The first thing I learned about Tommy is that he didn’t like strangers using that name. Or as he put it to me over the phone: “That name is reserved for family.”
Starting off on the wrong foot made it a hard sell to get him to meet me. I would be giving myself too much credit to say I was able to persuade him with my charming personality. No, it was the fact that I said I needed him to do a favor for Mage.
He insisted on a public place and then suggested a bar in the early afternoon. I’m not much of a drinker, preferring to spend my money on the finer things in life like second-hand books, but I was lost on the point of meeting in a nearly empty establishment.
I entered Skipper’s, a dive bar that had the appeal of a dimly lit closet. There were two people seated at the bar who had no intention of sharing anything other than oxygen, while all but one of the five tables were empty. That was occupied by a middle-aged man wearing a sweater-vest over a collared shirt.
“Thomas?” I asked, still standing.
“Yes,” he said as he rose awkwardly and extended an unsteady hand.
“Come here often?”
“First time, actually,” he said as he sat back down.
“Can I buy you a drink?” I offered.
“Sorry, I don’t drink.”
I made no effort to hide the suspicions in my stare as I pulled out a chair across the table from him. My coat stayed on, as I wasn’t planning on staying long. I remained silent, forcing him to break the tension.
“So, you mentioned something about Mage?”
His voice cracked, and he took a sip from the shakiest glass of water I’d ever seen.
“Is there something you want to tell me first?” I asked, still staring at him. Not that he noticed—his gaze was everywhere but in my direction.
He leaned in and whispered, “I’m wearing a wire.”
I mirrored his more intimate posture and asked, “Why?”
He leaned back and pulled out a personal recording device, complete with a blinking red light.
“I don’t know,” he sighed. “I thought you might be connected to her disappearance.”
“Anyone listening on the other end of that thing?”
“No, the police weren’t going to help me. They said Henry got a Dear John letter, and there was nothing they could do. Besides, they said Henry hired you as a PI.”
I was sure Henry did not elaborate on what the letters PI stood for. A common habit among my clientele.
“Well, the thing about the letter is partially right. But I don’t think she wrote it, and I think you know who did.”
His eyes popped. “The other one.”
I nodded. Thomas was a delicate individual, and this was a delicate task. God, I wished someone else could have this conversation with him.
He knew there was something weird going on, and he was probably trying to sort out if it was paranormal or extraterrestrial. Telling him the truth in his state of mind could lead to a mental breakdown.
“Thomas, I… well, Mage… like I said over the phone, needs you to do a favor.”
He steeled himself as if I were about to charge him with a holy quest. Which was absurd, since this man clearly had a time he needed to be home by.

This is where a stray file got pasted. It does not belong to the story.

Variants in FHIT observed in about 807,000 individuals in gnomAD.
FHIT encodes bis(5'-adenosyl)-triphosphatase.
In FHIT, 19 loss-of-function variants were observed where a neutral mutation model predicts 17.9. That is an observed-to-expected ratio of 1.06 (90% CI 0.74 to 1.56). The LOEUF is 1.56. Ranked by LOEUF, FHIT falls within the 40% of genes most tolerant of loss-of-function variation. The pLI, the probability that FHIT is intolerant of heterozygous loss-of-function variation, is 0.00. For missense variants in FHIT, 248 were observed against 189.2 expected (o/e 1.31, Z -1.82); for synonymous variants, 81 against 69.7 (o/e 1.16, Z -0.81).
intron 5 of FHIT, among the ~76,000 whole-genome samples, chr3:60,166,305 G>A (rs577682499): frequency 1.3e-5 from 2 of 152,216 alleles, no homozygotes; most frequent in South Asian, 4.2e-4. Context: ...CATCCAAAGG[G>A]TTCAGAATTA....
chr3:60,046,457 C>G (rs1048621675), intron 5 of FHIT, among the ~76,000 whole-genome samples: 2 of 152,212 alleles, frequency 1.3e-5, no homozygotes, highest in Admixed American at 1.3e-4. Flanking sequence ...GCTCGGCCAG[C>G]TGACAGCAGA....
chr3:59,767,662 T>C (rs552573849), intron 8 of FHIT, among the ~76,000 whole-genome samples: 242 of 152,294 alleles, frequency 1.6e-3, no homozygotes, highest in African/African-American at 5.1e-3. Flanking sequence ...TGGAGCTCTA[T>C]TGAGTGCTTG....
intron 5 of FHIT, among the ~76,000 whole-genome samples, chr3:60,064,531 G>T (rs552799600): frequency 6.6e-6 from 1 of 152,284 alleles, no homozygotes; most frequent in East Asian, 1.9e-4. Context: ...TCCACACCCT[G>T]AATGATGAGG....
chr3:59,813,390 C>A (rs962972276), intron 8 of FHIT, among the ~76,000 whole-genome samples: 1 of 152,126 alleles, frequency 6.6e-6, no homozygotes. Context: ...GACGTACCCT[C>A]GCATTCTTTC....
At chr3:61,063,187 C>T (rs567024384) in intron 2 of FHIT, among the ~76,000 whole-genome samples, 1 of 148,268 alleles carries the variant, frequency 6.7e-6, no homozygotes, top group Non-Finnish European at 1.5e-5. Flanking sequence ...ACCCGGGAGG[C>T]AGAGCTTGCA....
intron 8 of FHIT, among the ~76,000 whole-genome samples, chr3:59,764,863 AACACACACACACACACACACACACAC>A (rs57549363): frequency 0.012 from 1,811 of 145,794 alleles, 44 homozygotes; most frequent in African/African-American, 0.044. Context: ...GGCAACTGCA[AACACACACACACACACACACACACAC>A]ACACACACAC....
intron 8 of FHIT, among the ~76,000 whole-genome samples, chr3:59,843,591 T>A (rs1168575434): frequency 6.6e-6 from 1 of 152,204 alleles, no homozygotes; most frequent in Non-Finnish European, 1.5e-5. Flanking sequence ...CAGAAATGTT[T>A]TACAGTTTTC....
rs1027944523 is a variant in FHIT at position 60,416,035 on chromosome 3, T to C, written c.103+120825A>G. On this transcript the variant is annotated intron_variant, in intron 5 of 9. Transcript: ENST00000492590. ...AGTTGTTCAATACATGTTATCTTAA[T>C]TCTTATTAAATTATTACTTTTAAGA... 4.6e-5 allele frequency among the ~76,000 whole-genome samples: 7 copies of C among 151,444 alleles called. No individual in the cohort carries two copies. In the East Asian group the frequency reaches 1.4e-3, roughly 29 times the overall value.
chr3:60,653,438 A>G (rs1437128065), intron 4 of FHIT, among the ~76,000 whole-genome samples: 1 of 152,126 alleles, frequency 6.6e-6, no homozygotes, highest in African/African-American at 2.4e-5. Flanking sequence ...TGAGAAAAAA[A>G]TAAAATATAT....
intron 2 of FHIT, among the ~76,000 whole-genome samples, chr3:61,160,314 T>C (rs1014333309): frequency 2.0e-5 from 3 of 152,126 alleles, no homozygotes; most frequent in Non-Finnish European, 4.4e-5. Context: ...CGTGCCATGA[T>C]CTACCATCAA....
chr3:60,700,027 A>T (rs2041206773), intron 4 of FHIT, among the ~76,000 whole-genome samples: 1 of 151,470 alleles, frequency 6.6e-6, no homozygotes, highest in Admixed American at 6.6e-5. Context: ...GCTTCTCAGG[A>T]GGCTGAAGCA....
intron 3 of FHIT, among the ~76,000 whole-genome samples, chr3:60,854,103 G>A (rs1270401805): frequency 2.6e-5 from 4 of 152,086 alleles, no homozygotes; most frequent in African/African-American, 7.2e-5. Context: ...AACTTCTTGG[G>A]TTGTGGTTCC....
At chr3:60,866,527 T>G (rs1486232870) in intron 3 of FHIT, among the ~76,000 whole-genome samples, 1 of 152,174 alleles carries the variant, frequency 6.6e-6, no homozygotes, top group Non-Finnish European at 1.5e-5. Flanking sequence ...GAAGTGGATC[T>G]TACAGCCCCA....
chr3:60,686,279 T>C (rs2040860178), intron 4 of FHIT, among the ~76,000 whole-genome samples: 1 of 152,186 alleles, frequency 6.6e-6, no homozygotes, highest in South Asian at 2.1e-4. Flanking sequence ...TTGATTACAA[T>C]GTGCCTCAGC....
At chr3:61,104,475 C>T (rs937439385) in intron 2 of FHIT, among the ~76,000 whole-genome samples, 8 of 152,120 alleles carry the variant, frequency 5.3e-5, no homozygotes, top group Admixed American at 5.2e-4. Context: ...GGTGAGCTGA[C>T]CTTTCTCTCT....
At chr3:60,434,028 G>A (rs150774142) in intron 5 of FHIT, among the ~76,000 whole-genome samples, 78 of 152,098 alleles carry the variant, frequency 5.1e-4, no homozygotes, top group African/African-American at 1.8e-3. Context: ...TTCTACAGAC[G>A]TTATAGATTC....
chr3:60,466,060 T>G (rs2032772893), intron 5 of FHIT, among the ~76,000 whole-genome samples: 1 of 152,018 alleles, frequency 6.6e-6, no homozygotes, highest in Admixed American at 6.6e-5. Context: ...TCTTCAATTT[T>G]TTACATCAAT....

“I’m ready,” he said.
It took everything within me not to roll my eyes, and I failed.
“Look, I just… Mage needs… you to hold on to something.”
I pulled out a package the size of a small shoe from the inside pocket of my jacket. Underneath the multiple layers of transparent packaging tape, written in large black letters were the words “DO NOT OPEN UNDER PENALTY OF LAW.”
“What law?” he asked.
“There isn’t one. I was originally going to write under penalty of death, but it sounded over-the-top.” I lied. I actually had run out of space.
“Well, law isn’t any better.”
“Look, I don’t have all day.” In truth I really didn’t have anything going on, but I needed to drive home my point. “If I leave this with you, are you going to open it?”
“Depends on what’s inside.”
“What do you want me to say? I don’t do this stuff on a regular basis. Strangers don’t just call me up and ask me to hold on to something for a friend.”
I wasn’t a fan of leaving someone in the dark on these matters, but the less he knew the better. Knowing usually leads to asking questions, and if he was going to hold on to the jewelry box, the last thing he should be doing was trying to learn more about the paranormal.
Plus, the red light on the recording device was still blinking. Telling the truth could get me committed.
I put my hand on the package. “Then, I guess I’ll find someone else.”
“No.” He grabbed my hand. “If it will help Mage, I won’t open it.”
“And you won’t tell anyone?”
He jerked his head a bit. “I don’t think I’ll be talking with him any time soon.”
He released his grip from my wrist, and I slid the package over to him.
“You’ve spoken to him?” I asked.
“Tried to. The man disgusts me. Wasn’t always that way, but he knows something is up. Something weird. I think he might be in on it.”
In the kindest light, Henry was struggling with his new reality. I don’t think he was in on anything, but he was unpredictable. Which is why I contacted Tommy. I couldn’t give Henry the jewelry box, not without understanding the consequences of its power.
“Thomas, that’s fine that you are uncomfortable around him so long as he doesn’t learn you have this package. Mage’s life depends on it.”
He nodded and accepted the package.
I stood up as he asked, “When is she… I mean you… going to ask for it back?”
“I don’t know, I’m off the case.”
“But I could hire you?”
The idea had crossed my mind. I could bill him for years, and he would pay. It would do wonders for my life. But he’d become impatient at some point. Suspect a con and start asking questions. Maybe even open the package.
“I’m not giving up, but I have other clients.” I considered that a half-truth. I wasn’t giving up, but I needed to find new clients.
“I understand,” he said.
I doubt he did, but I was confident enough that he wouldn’t make trouble.